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Power to the ESOP: Incredible Tax Savings Benefits for Employers and Employees

Posted by Marc S. Schechter | Feb 26, 2018 | 0 Comments

Esopbenefits

Many companies eyeing the benefits of an ESOP are waiting to see how the new tax law changes will affect the tax benefits of employee ownership. However, it appears that the tax benefits associated with an ESOP will continue and even expand into the future. S corporations may soon get some of the same ESOP benefits as C corp owners, allowing some companies to operate free of federal income tax.

Employee Stock Ownership Plans (ESOPs) are qualified retirement plans that invest in employer securities. The ESOP operates as a tax-exempt employee stock ownership trust, or ESOT. An ESOP allows employee participants to acquire an ownership interest in the company as a benefit of working for the company.

An ESOP has tax savings benefits for employees, selling shareholders, and the company. These financial benefits are in addition to the benefits of increased productivity and reduced turnover that are generally associated with ESOPs.

Under Internal Revenue Code (IRC) section 1042, for some corporations, shareholders can defer capital gains tax on stock acquired by the ESOP. To qualify, the ESOP needs to own at the time of the sale (inclusive of shares previously owned and those acquired as part of the sale) 30% or more of the company stock and the owner needs to reinvest the proceeds in qualified replacement property (QRP) within 12 months from the closing date of the sale.

Another benefit to the company provides that when dividends are passed through a C corp ESOP to participants, those stock dividends are treated as tax-deductible. The company can also use those tax-deductible dividends to make principal or interest payments on ESOP loans.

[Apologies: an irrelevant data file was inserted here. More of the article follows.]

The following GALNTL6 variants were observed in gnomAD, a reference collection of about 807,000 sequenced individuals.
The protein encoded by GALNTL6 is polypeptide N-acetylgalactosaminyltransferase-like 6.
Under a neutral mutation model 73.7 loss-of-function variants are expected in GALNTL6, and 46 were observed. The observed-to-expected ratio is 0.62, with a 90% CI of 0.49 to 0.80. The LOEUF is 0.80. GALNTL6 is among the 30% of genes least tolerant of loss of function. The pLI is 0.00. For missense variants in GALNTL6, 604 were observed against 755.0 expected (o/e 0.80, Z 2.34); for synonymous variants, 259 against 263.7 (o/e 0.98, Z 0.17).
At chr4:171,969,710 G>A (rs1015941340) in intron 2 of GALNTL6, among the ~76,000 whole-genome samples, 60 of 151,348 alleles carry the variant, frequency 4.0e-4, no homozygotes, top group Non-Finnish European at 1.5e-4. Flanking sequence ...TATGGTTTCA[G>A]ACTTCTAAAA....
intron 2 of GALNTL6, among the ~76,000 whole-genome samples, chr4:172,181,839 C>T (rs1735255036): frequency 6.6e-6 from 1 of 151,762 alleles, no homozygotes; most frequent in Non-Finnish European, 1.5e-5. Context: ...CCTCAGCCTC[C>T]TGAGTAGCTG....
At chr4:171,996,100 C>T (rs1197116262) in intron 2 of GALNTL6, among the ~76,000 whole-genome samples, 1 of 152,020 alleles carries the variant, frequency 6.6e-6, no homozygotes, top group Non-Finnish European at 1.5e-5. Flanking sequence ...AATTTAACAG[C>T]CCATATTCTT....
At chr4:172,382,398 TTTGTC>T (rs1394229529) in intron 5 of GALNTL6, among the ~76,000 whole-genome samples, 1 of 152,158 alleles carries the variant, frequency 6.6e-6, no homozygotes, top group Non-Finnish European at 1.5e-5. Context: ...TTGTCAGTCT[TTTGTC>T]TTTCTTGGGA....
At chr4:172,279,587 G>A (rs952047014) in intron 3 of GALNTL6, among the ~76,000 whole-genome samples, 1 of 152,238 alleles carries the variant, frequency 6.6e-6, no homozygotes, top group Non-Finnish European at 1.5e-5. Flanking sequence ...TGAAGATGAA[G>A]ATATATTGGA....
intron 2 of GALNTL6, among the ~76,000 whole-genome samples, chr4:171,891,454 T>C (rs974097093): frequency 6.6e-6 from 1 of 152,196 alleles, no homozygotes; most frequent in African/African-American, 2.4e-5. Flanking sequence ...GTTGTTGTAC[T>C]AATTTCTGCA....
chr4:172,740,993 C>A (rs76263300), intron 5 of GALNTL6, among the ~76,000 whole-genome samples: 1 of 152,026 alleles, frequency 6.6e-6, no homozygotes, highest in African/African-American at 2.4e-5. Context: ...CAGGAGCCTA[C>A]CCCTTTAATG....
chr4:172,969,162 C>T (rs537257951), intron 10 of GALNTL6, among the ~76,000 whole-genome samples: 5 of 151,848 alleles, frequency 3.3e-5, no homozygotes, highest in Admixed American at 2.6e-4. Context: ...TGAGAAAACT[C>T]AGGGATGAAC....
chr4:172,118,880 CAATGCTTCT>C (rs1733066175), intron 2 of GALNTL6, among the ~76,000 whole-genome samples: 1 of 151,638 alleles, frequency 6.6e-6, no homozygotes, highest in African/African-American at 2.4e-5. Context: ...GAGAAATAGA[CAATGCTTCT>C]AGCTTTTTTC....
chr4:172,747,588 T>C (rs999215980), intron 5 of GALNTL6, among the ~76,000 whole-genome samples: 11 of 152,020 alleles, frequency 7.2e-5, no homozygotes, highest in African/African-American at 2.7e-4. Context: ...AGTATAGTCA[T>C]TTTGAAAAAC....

An S corp ESOP Trust is tax-exempt from corporate level income taxes. Tax savings pass on to the employees and may result in increased value if company stock is allocated to their accounts. Normally, if an employee is given company stock, the employee would be taxed on those shares. However, under an ESOP, participating employees acquire an interest in the stock without having to pay tax on the stock when allocated to their accounts. The tax is deferred until the ESOP makes distributions to the participant.

Employees also maintain the tax benefits until retirement or until they leave the company. Generally, employees are not taxed on their ESOP interests until they take a distribution.

Companies considering ESOP ownership, partial ESOP ownership in 2018, or even existing ESOPs may want to compare the costs and benefits of electing to be treated as a C corp or S corp. The new lower C corp taxes may have some S corps reconsidering their entity choices.

There are a lot of factors to consider, before deciding the right ESOP-owned corporation tax status as an S or C corp, or whether it is worth converting. However, pending legislation may soon level some aspects of the playing field for ESOPs, regardless of whether they are C corps or S corps.

If you have any questions about the tax savings of an ESOP for the company, owners, or employees, the law firm of Butterfield Schechter LLP is here to help. We are San Diego County's largest law firm focusing its law practice on employee benefits law and ESOPs. Contact our office today with any questions on how we can help you and your business succeed.

About the Author

Marc S. Schechter

Marc Schechter specializes in the areas of employee benefits, ERISA, and business matters.

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